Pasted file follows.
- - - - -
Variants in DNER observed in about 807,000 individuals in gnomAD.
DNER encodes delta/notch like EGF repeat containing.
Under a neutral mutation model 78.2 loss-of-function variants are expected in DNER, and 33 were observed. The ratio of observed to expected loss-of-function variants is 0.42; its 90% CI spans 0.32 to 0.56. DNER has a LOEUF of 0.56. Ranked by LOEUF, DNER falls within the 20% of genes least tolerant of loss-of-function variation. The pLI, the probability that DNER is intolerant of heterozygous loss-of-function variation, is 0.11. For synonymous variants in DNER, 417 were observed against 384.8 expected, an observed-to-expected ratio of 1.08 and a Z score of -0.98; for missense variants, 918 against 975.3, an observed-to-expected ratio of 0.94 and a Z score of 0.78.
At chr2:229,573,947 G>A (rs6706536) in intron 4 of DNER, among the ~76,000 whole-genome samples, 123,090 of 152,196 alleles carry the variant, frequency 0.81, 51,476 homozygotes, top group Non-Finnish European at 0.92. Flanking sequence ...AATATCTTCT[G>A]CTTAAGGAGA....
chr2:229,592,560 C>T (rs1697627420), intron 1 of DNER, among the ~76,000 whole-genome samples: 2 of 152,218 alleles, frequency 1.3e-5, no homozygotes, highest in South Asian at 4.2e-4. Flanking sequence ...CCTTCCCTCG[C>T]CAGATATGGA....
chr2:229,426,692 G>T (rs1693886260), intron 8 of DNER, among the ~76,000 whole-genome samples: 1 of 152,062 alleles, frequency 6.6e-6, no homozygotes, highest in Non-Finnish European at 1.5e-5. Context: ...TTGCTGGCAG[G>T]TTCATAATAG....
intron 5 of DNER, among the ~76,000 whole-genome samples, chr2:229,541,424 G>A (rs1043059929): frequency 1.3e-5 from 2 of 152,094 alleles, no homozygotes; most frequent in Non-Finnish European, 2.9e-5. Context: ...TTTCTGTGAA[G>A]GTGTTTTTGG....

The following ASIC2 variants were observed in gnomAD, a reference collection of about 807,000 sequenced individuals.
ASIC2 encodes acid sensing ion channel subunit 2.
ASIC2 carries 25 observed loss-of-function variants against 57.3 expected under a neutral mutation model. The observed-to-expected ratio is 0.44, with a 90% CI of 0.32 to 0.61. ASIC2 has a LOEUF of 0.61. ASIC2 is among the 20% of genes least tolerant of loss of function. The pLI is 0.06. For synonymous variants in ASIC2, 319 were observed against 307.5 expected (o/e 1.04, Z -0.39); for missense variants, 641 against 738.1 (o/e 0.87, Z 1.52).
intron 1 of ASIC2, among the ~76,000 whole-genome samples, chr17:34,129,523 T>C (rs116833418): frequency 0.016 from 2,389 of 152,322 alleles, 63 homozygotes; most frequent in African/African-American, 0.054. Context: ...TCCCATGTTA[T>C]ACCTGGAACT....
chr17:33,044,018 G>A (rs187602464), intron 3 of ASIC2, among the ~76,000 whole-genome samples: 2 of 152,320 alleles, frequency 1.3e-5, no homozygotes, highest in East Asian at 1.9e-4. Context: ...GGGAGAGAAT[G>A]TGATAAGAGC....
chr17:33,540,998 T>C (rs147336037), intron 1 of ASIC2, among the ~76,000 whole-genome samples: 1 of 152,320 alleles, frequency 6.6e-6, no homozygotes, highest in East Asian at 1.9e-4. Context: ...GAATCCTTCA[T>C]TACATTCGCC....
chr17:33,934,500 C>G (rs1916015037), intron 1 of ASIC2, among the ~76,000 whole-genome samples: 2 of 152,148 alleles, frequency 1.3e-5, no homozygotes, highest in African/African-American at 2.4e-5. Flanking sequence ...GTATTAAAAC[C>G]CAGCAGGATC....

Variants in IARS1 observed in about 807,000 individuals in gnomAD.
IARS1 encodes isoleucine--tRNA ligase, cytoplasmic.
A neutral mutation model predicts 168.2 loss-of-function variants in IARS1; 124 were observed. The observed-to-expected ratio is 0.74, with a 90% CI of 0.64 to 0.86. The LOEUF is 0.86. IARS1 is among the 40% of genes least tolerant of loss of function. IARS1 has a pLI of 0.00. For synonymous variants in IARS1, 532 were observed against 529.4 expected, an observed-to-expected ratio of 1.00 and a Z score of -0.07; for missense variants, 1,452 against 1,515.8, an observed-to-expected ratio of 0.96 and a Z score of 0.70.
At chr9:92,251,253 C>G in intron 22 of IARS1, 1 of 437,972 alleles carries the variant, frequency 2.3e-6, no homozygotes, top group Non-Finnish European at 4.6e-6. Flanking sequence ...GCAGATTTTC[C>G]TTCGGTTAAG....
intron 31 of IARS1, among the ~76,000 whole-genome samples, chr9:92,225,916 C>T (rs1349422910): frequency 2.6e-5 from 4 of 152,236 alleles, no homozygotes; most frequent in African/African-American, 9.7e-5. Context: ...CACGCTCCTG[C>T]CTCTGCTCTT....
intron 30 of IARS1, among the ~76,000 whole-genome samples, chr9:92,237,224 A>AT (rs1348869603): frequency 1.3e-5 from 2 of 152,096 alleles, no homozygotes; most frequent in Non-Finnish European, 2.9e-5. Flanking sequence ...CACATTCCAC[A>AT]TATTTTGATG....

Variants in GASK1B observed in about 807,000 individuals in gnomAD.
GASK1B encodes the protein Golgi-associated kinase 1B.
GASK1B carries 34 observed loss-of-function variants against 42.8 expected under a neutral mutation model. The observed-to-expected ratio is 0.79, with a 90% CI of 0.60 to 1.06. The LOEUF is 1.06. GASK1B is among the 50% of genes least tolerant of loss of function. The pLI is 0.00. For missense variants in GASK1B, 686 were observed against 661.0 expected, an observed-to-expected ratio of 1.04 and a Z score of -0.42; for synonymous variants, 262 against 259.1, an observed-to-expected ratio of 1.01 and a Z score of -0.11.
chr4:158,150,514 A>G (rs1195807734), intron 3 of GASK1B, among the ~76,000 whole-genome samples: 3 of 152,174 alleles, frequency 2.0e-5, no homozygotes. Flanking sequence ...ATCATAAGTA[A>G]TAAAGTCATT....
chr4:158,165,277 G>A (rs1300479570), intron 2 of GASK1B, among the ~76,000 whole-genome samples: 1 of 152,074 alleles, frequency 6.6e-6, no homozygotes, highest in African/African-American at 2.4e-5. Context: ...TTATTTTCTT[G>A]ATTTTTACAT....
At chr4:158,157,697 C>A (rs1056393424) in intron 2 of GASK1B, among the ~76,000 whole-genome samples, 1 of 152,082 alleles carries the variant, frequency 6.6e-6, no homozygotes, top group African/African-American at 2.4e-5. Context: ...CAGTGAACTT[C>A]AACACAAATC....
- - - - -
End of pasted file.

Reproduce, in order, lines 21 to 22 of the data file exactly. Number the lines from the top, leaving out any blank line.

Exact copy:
Variants in GASK1B observed in about 807,000 individuals in gnomAD.
GASK1B encodes the protein Golgi-associated kinase 1B.